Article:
["Free Schools"] convincingly suggests that a school only becomes "free" when it creates around it a community of conscience about … injustices and a will to struggle against them. The very form of the book—a kind of manual with advice on how to find a building, how to raise the money, recruit a faculty, set up a curriculum, with lists of contacts and leads—proves that difficulties can indeed be the seed of practical achievement rather than frustration, that anger can be transformed into energy. It also allows some unusally blunt assessments of possibilities. At one point Kozol offers the flat challenge that "either black people are dull, slow-witted, stupid and inferior, or else their schools are murderous. There is no third choice."
He can afford to say this. The success of his school has convinced him of the second option. The more so because the educational standards of his Free School are if anything higher than those in publicly financed schools. (p. 5)
Kozol's case is so persuasive on educational grounds, his practices so beneficial in their effect on the surrounding community, that any sympathetic reader may become a bit impatient and finally antagonized by some of the hyperbolic vehemence of this book. I am not referring to his assaults on slum lords and their judicial cohorts, or to his hot anger at living conditions—really conditions for slow dying—in the neighborhood, or to his attacks on the smugness and lethargy of urban universities, the banks and the foundations. He disposes of these with invigorating and detailed precision. What is disturbing is his overkill of educational projects other than his own because of their failure to confront social and political inequities. His lack of charity when it comes to the flounderings of even well-intentioned public schools and the shrillness of his contempt for rural Free Schools has its dangers. It calls undue attention to the limitations, given the vast needs of the whole society, of his own enterprise.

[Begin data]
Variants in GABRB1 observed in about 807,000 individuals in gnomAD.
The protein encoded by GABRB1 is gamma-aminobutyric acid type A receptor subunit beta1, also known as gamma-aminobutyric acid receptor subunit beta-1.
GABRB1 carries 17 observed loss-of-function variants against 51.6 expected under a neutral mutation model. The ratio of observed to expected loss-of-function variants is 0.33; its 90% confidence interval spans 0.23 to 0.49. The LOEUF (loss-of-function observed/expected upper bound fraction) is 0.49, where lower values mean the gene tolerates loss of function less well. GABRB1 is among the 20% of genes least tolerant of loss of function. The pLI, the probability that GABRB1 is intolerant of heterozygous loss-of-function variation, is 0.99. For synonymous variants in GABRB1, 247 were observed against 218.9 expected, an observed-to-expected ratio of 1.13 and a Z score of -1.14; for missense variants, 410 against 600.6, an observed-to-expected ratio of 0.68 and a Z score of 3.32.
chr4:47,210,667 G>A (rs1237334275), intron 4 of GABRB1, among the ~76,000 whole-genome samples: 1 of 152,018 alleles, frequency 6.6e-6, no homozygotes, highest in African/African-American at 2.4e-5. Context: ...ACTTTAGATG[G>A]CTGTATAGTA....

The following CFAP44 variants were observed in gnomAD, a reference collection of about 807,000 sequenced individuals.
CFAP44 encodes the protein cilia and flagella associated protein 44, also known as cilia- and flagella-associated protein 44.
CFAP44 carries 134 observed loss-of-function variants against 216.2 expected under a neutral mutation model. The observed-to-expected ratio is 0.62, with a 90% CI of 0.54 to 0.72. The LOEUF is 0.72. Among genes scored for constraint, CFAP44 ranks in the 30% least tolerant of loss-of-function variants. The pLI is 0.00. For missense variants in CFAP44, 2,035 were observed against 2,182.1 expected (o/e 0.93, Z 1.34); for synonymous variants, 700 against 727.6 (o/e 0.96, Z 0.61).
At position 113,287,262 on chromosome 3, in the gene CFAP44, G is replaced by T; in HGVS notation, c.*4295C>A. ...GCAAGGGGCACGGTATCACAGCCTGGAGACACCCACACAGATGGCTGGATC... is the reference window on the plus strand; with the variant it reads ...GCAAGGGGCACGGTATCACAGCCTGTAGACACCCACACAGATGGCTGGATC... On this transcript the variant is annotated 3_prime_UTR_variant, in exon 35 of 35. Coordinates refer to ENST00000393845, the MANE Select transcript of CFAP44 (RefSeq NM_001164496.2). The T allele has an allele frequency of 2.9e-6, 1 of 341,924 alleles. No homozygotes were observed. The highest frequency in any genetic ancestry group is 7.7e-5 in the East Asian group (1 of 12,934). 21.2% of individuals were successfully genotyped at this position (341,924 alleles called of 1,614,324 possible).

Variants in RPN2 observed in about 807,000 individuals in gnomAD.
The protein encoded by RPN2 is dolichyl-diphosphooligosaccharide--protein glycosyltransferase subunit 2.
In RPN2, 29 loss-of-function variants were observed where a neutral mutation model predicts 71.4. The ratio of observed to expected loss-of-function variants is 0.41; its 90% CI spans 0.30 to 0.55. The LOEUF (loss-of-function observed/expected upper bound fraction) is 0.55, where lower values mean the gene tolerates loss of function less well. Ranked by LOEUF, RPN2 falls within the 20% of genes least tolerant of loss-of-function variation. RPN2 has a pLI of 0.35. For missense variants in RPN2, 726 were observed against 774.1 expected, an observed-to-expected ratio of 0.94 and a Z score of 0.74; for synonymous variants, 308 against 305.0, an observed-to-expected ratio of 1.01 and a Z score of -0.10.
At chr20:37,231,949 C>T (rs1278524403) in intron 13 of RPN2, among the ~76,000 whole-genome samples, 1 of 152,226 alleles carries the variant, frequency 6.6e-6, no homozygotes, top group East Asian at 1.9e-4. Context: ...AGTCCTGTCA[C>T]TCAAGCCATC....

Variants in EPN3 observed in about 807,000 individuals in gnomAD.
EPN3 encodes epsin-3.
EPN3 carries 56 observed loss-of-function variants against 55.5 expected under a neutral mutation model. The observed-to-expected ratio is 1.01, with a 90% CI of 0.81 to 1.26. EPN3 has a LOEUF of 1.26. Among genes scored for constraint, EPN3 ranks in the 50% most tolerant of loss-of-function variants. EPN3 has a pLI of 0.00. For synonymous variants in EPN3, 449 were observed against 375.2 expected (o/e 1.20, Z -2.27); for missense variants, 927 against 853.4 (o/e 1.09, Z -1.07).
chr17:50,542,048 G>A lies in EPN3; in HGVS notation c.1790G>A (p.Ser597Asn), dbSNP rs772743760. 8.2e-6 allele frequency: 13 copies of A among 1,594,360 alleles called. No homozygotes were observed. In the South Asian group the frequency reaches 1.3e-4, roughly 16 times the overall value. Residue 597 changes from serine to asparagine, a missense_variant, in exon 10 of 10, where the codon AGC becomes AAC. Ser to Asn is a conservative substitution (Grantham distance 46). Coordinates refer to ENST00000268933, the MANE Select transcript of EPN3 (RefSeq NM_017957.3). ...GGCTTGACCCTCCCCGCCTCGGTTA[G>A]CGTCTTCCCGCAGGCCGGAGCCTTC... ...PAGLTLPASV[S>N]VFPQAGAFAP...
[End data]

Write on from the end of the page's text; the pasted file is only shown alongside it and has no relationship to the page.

To put it bluntly, the Free School in Roxbury needs now and then to be sheltered from the book called "Free Schools," Kozol the builder protected from Kozol the scourge. In sweeping aside all other schools he clears an area, surrounded by forces of intense malevolence, that could not possibly be occupied effectively by his or by any other kind of school….
Millions of children need to be taught to read and write and add, millions need help in decoding a world that is not to be gotten round but only gotten through, and Kozol knows better than anyone that folk singing or bead stringing or sensitivity sessions will not provide the skills for doing all this. But neither is there any way to do it that won't finally be accountable, in dollars and cents, in some sacrifice of principle, perhaps, to "that flag." To assume otherwise is to be as much in some other...
(The entire section is 718 words.)